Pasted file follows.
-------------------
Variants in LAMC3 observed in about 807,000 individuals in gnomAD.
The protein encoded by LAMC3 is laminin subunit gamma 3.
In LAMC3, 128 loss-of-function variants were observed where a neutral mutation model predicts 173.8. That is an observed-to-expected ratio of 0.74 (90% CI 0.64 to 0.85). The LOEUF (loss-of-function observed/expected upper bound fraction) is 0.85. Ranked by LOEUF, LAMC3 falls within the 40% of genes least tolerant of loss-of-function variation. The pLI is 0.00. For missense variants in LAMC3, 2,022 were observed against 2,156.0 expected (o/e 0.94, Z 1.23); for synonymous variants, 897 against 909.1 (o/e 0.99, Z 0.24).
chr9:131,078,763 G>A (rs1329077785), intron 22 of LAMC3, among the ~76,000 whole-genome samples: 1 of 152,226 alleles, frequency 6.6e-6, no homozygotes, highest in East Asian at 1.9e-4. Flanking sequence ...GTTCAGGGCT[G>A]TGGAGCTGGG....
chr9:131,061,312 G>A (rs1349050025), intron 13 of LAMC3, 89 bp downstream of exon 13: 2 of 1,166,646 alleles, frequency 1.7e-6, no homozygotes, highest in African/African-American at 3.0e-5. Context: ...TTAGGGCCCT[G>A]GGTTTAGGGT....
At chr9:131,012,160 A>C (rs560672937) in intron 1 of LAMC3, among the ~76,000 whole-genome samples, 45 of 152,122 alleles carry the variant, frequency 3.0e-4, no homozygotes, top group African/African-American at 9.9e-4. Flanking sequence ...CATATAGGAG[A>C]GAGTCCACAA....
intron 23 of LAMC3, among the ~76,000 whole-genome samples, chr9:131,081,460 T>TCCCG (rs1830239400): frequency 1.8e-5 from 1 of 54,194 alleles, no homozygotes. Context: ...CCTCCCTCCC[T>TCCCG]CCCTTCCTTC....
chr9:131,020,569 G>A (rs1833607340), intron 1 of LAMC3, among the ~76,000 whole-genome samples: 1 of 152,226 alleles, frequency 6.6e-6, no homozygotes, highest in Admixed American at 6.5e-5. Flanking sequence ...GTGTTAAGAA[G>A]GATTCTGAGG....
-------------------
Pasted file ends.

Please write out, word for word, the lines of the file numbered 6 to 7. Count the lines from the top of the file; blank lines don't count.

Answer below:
At chr9:131,012,160 A>C (rs560672937) in intron 1 of LAMC3, among the ~76,000 whole-genome samples, 45 of 152,122 alleles carry the variant, frequency 3.0e-4, no homozygotes, top group African/African-American at 9.9e-4. Flanking sequence ...CATATAGGAG[A>C]GAGTCCACAA....
intron 23 of LAMC3, among the ~76,000 whole-genome samples, chr9:131,081,460 T>TCCCG (rs1830239400): frequency 1.8e-5 from 1 of 54,194 alleles, no homozygotes. Context: ...CCTCCCTCCC[T>TCCCG]CCCTTCCTTC....